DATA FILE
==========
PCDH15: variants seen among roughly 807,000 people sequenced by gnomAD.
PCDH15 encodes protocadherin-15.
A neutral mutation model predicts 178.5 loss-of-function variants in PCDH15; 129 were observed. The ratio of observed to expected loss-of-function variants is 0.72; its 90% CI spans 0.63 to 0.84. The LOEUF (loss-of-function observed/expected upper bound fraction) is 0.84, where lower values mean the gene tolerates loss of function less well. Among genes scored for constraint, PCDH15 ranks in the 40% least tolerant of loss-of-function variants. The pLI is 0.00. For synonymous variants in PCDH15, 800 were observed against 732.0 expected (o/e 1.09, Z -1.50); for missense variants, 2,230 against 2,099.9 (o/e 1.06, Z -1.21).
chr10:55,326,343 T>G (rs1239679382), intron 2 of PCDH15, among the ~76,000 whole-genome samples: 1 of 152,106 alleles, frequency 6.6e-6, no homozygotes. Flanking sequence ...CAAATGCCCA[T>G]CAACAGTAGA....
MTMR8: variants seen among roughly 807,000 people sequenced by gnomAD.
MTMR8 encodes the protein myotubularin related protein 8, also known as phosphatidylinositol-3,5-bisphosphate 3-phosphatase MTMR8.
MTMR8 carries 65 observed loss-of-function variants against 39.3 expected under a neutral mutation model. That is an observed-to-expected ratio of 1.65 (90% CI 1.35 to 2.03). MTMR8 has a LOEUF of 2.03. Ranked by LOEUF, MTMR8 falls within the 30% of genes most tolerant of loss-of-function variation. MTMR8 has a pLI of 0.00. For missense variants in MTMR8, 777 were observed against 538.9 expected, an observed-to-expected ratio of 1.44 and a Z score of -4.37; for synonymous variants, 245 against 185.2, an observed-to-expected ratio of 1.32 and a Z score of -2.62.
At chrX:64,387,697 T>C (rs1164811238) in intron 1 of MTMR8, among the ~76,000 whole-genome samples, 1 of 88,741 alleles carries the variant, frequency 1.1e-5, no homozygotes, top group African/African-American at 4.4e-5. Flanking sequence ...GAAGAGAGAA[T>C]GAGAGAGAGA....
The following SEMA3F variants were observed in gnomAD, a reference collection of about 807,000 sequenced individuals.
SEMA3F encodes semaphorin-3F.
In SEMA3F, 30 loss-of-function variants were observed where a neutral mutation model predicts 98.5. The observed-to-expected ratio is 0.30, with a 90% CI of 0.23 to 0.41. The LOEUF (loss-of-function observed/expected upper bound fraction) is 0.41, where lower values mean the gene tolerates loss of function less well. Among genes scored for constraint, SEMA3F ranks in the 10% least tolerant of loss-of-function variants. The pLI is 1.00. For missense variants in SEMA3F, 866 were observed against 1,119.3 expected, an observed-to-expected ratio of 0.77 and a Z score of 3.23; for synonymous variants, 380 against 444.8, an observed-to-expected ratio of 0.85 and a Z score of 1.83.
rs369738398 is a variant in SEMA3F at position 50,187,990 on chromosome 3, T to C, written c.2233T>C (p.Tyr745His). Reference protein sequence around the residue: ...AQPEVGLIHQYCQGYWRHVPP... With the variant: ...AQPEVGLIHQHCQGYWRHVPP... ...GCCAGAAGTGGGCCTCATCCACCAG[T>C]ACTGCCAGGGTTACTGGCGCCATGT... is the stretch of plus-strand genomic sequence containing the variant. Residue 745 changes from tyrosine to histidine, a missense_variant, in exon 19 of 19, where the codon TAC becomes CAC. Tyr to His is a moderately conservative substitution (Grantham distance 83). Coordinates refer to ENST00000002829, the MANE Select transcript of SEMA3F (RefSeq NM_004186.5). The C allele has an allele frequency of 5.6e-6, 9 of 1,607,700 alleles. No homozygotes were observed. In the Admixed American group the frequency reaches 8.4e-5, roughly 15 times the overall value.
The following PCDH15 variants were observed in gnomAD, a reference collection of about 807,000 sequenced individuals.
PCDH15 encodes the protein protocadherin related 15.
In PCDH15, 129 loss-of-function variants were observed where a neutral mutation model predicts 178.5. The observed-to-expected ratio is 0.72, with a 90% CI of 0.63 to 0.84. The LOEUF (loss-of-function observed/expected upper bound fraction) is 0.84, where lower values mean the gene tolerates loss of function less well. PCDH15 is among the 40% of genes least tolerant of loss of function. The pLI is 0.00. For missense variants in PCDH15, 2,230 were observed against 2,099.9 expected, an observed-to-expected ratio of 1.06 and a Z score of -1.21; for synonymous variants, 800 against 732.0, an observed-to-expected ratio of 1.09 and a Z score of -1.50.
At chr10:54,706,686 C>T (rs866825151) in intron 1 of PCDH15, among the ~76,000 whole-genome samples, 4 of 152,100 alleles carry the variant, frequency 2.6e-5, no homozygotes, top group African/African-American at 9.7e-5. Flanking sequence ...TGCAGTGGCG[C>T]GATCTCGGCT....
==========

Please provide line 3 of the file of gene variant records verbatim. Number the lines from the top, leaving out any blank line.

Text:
A neutral mutation model predicts 178.5 loss-of-function variants in PCDH15; 129 were observed. The ratio of observed to expected loss-of-function variants is 0.72; its 90% CI spans 0.63 to 0.84. The LOEUF (loss-of-function observed/expected upper bound fraction) is 0.84, where lower values mean the gene tolerates loss of function less well. Among genes scored for constraint, PCDH15 ranks in the 40% least tolerant of loss-of-function variants. The pLI is 0.00. For synonymous variants in PCDH15, 800 were observed against 732.0 expected (o/e 1.09, Z -1.50); for missense variants, 2,230 against 2,099.9 (o/e 1.06, Z -1.21).